of Brewer’s Dictionary of Phase and Fable is here! Happily for me it comes recommended by Philip Pullman* and Terry Pratchett. Also by the Resident IT Consultant, who yet again has been permitted to take over. This time he has really gone to town, but a reference book like Brewer’s deserves it.
My ignorant immigrant self has never quite worked out what it’s for. Because I seem to have been adopted by an old looking version of Brewer’s, I got it out again for comparison, and I noticed it even smells old. It wasn’t until I read the review below, that I grasped it is a facsimile edition. (Doesn’t explain the smell, but…)
Anyway, this very useful book has been subjected to a harsh test, and it seems to have come out of it fairly unscathed. Funny that my very own King had something to do with it, but there you are.
“I first discovered Brewer’s Dictionary of Phase and Fable in my local library more than forty years ago and have owned a facsimile of the 1894 edition for many years. I have always regarded it as a reliable source of arcane nineteenth century facts so I was rather surprised to discover that new editions have been published every three or four years since 1959. This latest is edited by Susie Dent and published by Chambers Harrap.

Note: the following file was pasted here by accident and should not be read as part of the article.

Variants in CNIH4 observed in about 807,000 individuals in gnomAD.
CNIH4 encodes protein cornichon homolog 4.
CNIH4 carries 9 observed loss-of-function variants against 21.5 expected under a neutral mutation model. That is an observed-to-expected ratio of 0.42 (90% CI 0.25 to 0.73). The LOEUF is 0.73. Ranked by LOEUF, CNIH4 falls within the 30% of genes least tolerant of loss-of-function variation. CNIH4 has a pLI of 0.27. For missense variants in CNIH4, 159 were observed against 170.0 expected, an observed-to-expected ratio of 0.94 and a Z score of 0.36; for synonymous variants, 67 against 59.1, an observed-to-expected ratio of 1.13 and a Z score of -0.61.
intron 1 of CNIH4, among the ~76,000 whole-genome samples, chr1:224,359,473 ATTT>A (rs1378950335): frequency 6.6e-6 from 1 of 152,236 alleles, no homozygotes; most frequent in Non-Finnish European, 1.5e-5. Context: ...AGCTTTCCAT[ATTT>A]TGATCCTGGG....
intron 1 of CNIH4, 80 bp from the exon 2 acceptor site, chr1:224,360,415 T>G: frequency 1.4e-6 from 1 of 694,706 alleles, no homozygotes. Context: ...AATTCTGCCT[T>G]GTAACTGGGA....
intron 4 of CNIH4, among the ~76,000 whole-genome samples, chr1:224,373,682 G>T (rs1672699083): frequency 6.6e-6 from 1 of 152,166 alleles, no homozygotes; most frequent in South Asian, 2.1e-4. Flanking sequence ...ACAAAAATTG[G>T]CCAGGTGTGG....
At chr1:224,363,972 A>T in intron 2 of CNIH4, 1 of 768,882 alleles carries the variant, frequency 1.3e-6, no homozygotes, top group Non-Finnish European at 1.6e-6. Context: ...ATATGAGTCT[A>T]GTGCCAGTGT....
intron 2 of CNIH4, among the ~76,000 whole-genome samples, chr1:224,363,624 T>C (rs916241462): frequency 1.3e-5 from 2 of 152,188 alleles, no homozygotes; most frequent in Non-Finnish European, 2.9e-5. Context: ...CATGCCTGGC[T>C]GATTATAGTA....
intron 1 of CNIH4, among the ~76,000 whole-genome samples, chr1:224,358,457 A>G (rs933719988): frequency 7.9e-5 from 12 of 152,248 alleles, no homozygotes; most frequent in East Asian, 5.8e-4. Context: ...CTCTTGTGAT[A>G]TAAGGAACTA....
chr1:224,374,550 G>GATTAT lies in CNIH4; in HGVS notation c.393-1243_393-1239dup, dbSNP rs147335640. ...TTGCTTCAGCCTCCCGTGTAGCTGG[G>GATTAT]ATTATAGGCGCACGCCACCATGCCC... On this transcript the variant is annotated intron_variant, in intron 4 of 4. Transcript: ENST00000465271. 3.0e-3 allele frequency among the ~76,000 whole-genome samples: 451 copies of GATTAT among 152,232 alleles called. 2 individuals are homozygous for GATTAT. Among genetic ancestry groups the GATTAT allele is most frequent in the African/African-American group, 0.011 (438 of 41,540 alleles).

A new edition implies new material and there are indeed new entries for such terms as ‘quantitative easing’, ‘Tea Party’, big society’ and ‘app’ together with new lists of Internet social networking acronyms (so there is no excuse for misunderstanding LOL) and eggcorns (phrases which enter the language as a result of linguistic errors by speakers who have misheard an original).
How do you review a reference book like this in an age when it seems as if any question can be answered instantly on the Internet? I decided to pick ten entries at random and explore how easy it was to learn about them on the Internet.
First came the Geneva Bull, a nickname given to the seventeenth century Presbyterian divine Stephen Marshall. You can find this on the Internet (mainly in 19th century works in Google Books), but it’s not in Wikipedia, or in the 1911 Encyclopaedia Britannica from which Wikipedia derives its entry.
Next was half-blue. This is easy to find. Wikipedia provides a detailed account of the operation of the Oxbridge blues system, though you have to dig around in it to find out what a half-blue is. Most online dictionaries provide an equivalent definition.
My next selection was the hero of medieval English romance, Guy of Warwick. Brewer’s provides a succinct synopsis of the stories and legends surrounding him, mentioning the works in which they are to be found. Wikipedia provides more detail, and traces the role of the story in literary history.
Fourth was the Cabbage Garden, a nickname applied to the Australian state of Victoria. This would be hard to find from the Internet. Wikipedia has an entry for the Cabbage Garden but it refers to a burial ground in Dublin! Only when you know to look for its use in the context of Victoria can you find it using Google. Even then there is some dispute about its age as a nickname, though Partridge agrees with Brewer that it comes from the 1920s.
‘Sac and soc’ is a phrase used to describe rights in private jurisdiction conveyed in land transfers around the time of the Norman Conquest. You can find references to it in online dictionaries but it is only when you realise that it’s the same as ‘sake and soke’ that you find a more thorough account in Wikipedia.